• Monthly
  • $25
  • $50
  • $100
  • $other
  • use PayPal

ONE WEEK TO DOUBLE YOUR DONATION!fund-drive-progress-thermometer

A generous supporter has offered a $25,000 matching grant. So for this week only, whatever you can donate will be doubled up to $25,000! If you have the means, please donate! If you already have done so, thank you for your support. All contributions are tax-deductible.
FacebookTwitterRedditEmail

A Wretched Day for Democracy: Revocation of the Special Status of Kashmir


The India that Jammu and Kashmir acceded to in 1947 had chosen democracy, secularism, and socialism as its goals. Although the Praja Parishad, predecessor of the RSS, was determined to foist a solution of the entire Kashmir issue along communal lines even prior to 1953, and its leaders had been vocal about their views, it was heartwarming that India had chosen democracy and secularism as its goals.

Democracy does not, however, merely mean conducting elections every five years, but it is, substantively, a way of life and a way of thinking. In a democracy, the majority will prevail, but it is equally incumbent on the majority to respect and defend the legitimate interests and sentiments of minorities and to alleviate their apprehensions.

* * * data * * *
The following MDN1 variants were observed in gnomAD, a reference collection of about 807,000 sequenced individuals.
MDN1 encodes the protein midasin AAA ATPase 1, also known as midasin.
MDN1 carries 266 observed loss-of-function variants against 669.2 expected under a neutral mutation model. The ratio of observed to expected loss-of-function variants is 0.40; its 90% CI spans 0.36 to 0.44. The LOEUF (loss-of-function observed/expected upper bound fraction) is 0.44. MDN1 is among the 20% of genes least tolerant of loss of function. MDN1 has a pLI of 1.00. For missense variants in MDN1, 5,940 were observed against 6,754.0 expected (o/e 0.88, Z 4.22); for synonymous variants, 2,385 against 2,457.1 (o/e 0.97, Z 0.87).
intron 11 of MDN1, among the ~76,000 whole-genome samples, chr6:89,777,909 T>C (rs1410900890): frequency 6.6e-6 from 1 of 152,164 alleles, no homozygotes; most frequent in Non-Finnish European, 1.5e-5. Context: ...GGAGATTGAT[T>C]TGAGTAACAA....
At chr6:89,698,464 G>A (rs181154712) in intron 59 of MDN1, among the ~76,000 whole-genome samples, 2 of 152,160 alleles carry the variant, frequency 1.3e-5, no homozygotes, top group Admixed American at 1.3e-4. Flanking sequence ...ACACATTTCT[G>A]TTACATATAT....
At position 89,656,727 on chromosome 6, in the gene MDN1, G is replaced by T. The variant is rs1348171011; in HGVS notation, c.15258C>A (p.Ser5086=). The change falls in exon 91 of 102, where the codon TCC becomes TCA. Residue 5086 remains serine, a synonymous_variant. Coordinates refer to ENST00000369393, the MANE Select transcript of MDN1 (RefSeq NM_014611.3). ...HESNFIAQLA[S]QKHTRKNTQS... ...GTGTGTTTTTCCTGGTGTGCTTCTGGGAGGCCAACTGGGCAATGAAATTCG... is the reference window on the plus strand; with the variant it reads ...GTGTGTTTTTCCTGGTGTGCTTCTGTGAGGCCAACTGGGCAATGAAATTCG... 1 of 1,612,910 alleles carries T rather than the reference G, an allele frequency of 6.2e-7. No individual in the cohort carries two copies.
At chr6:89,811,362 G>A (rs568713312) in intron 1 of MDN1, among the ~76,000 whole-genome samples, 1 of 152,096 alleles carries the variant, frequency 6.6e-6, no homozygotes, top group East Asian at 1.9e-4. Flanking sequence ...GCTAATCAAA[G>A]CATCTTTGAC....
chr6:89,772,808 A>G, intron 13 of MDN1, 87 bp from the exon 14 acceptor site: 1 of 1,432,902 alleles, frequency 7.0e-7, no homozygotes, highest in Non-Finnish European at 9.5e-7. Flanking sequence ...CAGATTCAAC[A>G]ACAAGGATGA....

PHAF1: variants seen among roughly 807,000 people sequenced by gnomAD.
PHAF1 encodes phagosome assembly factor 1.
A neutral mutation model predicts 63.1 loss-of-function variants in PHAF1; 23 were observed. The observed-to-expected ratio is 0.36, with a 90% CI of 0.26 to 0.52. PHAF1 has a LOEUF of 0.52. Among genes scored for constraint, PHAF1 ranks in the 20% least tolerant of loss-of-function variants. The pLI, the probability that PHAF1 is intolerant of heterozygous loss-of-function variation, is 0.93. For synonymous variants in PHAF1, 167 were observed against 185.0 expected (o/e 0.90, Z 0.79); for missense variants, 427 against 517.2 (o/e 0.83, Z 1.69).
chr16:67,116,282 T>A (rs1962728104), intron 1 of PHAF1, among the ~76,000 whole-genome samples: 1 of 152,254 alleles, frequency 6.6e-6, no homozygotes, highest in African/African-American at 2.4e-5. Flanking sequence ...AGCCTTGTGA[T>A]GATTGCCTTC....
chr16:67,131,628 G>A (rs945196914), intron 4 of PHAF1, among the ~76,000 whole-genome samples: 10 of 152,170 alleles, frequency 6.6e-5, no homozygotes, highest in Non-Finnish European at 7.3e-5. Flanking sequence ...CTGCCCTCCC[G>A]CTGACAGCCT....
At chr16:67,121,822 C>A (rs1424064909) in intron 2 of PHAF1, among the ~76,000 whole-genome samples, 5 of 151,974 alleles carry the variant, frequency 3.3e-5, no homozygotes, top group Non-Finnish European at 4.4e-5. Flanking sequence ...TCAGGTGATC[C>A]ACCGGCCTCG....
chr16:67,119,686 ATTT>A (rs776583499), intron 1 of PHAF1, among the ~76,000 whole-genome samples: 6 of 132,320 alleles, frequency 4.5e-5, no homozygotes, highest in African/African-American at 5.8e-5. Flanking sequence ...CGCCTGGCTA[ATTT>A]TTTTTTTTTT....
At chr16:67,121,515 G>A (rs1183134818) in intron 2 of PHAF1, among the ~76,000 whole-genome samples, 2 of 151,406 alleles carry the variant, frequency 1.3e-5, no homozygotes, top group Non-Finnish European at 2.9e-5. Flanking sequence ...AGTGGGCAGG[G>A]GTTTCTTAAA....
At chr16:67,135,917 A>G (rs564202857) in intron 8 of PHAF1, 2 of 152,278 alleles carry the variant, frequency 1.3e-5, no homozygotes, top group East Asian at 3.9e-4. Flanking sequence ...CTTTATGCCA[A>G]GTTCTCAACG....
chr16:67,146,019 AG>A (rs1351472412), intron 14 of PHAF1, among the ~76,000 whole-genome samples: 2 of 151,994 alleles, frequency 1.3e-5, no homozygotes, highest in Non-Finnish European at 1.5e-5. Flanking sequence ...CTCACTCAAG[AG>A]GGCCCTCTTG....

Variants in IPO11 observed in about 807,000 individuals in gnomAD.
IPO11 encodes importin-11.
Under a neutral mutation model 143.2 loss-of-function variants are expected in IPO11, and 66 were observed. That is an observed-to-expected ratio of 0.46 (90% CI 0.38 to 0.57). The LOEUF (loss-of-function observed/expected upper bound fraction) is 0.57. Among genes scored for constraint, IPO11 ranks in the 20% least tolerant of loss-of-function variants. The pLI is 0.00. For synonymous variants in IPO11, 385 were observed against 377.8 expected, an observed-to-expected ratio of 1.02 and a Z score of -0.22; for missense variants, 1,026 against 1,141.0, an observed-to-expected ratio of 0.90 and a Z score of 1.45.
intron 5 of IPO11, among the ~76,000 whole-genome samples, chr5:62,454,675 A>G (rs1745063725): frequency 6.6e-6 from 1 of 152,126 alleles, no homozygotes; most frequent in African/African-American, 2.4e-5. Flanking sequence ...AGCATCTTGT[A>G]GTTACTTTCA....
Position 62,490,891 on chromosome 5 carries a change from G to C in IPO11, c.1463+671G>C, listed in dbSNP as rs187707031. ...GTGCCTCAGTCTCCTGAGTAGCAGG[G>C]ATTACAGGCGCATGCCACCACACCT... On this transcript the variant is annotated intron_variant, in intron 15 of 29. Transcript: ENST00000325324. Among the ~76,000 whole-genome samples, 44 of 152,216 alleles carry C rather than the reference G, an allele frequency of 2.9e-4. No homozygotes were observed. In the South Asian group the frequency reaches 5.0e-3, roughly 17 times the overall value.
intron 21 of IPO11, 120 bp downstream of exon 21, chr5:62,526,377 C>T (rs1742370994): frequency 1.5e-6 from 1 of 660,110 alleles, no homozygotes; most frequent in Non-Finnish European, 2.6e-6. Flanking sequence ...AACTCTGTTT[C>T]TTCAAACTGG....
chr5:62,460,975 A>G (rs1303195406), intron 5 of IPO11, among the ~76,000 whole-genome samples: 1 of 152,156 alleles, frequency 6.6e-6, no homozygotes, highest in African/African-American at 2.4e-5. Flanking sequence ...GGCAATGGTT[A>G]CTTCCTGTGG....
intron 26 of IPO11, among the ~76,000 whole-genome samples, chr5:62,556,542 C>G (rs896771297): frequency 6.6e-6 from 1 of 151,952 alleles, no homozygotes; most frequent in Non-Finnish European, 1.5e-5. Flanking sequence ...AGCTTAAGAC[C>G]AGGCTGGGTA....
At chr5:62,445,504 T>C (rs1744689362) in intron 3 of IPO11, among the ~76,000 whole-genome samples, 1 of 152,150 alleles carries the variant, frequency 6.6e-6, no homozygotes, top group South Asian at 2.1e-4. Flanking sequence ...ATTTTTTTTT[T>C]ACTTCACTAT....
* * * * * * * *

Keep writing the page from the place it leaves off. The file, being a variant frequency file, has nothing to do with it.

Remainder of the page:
The greatest test of the success of Indian democracy lies in the extent to which its minorities feels secure and content.

It is good that the some parts of the population of the Jammu and Kashmir are emotionally integrated with mainland India, but this joy is lop-sided as long as the Muslim majority of the J & K does not equally share this happiness. In 1947, our predecessors opposed the principles of the “two-nation” theory. We thought Muslims were part and parcel of India’s history, past, and future, and we were of the firm conviction that every inhabitant of this country must be given a sense of participation in the country’s affairs.

In light of the complex political history of the State, it has always been all the more pertinent to ensure that the Muslims of the State felt satisfied with their relationship with India—politically, morally, and emotionally— because that aspect of the problem was either ignored or swept under the rug for the last 70 years, with the result that the secular character of the nation was undermined.